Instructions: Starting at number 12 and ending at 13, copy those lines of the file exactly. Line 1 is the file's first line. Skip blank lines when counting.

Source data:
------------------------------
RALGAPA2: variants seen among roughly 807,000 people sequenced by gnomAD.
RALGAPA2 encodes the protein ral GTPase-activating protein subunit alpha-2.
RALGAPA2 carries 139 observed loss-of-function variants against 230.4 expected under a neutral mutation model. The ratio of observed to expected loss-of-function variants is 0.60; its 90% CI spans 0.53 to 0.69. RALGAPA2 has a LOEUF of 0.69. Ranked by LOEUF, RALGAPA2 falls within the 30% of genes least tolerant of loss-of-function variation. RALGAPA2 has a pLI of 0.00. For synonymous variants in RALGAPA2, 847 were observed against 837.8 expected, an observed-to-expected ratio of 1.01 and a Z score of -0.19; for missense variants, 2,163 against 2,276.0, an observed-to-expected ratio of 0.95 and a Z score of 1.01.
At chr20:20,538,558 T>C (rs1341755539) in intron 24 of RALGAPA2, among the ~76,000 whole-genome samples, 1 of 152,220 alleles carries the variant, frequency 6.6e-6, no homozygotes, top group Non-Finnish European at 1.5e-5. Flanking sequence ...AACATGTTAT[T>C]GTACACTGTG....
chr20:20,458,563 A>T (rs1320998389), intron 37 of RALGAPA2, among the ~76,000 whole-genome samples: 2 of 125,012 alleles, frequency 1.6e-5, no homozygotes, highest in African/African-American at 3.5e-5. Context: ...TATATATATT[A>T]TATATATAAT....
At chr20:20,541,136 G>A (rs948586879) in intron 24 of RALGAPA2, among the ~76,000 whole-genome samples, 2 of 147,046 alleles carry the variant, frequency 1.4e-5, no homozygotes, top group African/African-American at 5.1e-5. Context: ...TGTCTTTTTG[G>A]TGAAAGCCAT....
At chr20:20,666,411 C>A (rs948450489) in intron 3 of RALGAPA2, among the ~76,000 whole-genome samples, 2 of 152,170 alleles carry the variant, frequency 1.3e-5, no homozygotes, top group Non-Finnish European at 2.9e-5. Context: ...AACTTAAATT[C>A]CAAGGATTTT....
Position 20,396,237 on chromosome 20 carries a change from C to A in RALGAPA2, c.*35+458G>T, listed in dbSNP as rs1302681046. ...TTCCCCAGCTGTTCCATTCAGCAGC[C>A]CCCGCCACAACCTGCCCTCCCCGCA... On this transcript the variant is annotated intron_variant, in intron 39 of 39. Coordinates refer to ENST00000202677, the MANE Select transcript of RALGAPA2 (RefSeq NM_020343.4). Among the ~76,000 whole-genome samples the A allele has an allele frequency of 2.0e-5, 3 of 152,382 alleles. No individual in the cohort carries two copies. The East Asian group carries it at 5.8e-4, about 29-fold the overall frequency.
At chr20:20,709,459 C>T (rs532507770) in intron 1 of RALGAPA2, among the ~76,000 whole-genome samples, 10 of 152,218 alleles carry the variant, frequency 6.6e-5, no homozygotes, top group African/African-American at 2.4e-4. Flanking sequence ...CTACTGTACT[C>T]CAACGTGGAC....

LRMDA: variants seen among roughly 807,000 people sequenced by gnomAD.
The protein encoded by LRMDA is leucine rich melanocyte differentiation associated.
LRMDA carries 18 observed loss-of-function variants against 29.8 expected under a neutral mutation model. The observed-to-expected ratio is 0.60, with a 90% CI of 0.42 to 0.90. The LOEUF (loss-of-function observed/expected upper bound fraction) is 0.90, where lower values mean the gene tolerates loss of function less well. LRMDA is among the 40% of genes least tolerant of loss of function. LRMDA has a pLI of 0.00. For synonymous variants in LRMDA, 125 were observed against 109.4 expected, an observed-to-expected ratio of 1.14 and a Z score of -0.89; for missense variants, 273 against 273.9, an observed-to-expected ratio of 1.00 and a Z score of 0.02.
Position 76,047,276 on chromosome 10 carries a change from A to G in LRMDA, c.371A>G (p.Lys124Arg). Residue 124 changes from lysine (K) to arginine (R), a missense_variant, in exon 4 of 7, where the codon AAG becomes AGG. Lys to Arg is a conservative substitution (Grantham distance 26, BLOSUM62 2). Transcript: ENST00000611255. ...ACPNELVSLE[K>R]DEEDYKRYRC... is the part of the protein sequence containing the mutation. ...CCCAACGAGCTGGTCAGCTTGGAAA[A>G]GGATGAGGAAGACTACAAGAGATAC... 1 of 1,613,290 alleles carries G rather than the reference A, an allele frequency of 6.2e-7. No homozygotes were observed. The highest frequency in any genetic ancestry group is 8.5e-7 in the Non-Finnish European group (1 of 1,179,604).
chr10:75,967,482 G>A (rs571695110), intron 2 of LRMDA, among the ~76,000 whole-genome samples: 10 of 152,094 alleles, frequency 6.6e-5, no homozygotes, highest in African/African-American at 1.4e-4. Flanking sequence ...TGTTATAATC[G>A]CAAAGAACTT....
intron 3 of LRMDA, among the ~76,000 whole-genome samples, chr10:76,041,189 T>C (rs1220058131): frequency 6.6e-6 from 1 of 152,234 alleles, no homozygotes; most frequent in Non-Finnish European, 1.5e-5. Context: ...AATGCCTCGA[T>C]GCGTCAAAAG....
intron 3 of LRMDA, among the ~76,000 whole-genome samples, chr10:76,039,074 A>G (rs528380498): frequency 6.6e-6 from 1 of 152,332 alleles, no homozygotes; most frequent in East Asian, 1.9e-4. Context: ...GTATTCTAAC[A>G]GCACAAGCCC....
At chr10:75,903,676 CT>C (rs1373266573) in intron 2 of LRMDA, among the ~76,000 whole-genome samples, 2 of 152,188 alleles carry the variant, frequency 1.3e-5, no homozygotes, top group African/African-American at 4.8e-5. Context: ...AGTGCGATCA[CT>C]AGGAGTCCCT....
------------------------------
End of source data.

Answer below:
LRMDA carries 18 observed loss-of-function variants against 29.8 expected under a neutral mutation model. The observed-to-expected ratio is 0.60, with a 90% CI of 0.42 to 0.90. The LOEUF (loss-of-function observed/expected upper bound fraction) is 0.90, where lower values mean the gene tolerates loss of function less well. LRMDA is among the 40% of genes least tolerant of loss of function. LRMDA has a pLI of 0.00. For synonymous variants in LRMDA, 125 were observed against 109.4 expected, an observed-to-expected ratio of 1.14 and a Z score of -0.89; for missense variants, 273 against 273.9, an observed-to-expected ratio of 1.00 and a Z score of 0.02.
Position 76,047,276 on chromosome 10 carries a change from A to G in LRMDA, c.371A>G (p.Lys124Arg). Residue 124 changes from lysine (K) to arginine (R), a missense_variant, in exon 4 of 7, where the codon AAG becomes AGG. Lys to Arg is a conservative substitution (Grantham distance 26, BLOSUM62 2). Transcript: ENST00000611255. ...ACPNELVSLE[K>R]DEEDYKRYRC... is the part of the protein sequence containing the mutation. ...CCCAACGAGCTGGTCAGCTTGGAAA[A>G]GGATGAGGAAGACTACAAGAGATAC... 1 of 1,613,290 alleles carries G rather than the reference A, an allele frequency of 6.2e-7. No homozygotes were observed. The highest frequency in any genetic ancestry group is 8.5e-7 in the Non-Finnish European group (1 of 1,179,604).